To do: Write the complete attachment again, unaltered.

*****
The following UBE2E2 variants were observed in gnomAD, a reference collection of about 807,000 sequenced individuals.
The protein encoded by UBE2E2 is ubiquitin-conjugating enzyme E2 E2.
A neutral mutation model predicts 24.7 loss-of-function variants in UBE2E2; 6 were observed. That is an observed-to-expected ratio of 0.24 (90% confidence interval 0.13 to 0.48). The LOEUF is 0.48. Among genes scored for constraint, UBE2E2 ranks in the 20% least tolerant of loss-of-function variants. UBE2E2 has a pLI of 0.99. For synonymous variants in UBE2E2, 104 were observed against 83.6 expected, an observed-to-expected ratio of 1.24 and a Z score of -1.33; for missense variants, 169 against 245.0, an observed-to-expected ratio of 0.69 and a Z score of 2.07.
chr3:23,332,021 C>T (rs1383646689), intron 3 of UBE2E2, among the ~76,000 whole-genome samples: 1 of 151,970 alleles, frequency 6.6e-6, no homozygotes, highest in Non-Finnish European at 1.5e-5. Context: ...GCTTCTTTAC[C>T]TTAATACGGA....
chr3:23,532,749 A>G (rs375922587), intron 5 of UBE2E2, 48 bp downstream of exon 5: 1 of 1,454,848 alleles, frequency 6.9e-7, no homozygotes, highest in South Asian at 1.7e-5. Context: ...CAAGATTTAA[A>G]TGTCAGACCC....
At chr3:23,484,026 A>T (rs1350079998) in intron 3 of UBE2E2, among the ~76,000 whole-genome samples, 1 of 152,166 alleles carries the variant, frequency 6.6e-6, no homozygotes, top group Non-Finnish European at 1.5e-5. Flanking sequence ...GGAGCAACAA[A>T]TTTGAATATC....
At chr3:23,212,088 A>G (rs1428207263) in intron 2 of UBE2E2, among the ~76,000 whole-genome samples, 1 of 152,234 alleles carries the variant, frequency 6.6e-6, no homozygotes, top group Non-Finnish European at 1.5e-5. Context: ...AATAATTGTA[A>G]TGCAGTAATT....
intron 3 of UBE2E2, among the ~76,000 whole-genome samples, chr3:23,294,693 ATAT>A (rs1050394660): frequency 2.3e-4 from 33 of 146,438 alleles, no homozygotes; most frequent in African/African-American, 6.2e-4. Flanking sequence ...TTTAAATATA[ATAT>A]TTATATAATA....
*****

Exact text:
The following UBE2E2 variants were observed in gnomAD, a reference collection of about 807,000 sequenced individuals.
The protein encoded by UBE2E2 is ubiquitin-conjugating enzyme E2 E2.
A neutral mutation model predicts 24.7 loss-of-function variants in UBE2E2; 6 were observed. That is an observed-to-expected ratio of 0.24 (90% confidence interval 0.13 to 0.48). The LOEUF is 0.48. Among genes scored for constraint, UBE2E2 ranks in the 20% least tolerant of loss-of-function variants. UBE2E2 has a pLI of 0.99. For synonymous variants in UBE2E2, 104 were observed against 83.6 expected, an observed-to-expected ratio of 1.24 and a Z score of -1.33; for missense variants, 169 against 245.0, an observed-to-expected ratio of 0.69 and a Z score of 2.07.
chr3:23,332,021 C>T (rs1383646689), intron 3 of UBE2E2, among the ~76,000 whole-genome samples: 1 of 151,970 alleles, frequency 6.6e-6, no homozygotes, highest in Non-Finnish European at 1.5e-5. Context: ...GCTTCTTTAC[C>T]TTAATACGGA....
chr3:23,532,749 A>G (rs375922587), intron 5 of UBE2E2, 48 bp downstream of exon 5: 1 of 1,454,848 alleles, frequency 6.9e-7, no homozygotes, highest in South Asian at 1.7e-5. Context: ...CAAGATTTAA[A>G]TGTCAGACCC....
At chr3:23,484,026 A>T (rs1350079998) in intron 3 of UBE2E2, among the ~76,000 whole-genome samples, 1 of 152,166 alleles carries the variant, frequency 6.6e-6, no homozygotes, top group Non-Finnish European at 1.5e-5. Flanking sequence ...GGAGCAACAA[A>T]TTTGAATATC....
At chr3:23,212,088 A>G (rs1428207263) in intron 2 of UBE2E2, among the ~76,000 whole-genome samples, 1 of 152,234 alleles carries the variant, frequency 6.6e-6, no homozygotes, top group Non-Finnish European at 1.5e-5. Context: ...AATAATTGTA[A>G]TGCAGTAATT....
intron 3 of UBE2E2, among the ~76,000 whole-genome samples, chr3:23,294,693 ATAT>A (rs1050394660): frequency 2.3e-4 from 33 of 146,438 alleles, no homozygotes; most frequent in African/African-American, 6.2e-4. Flanking sequence ...TTTAAATATA[ATAT>A]TTATATAATA....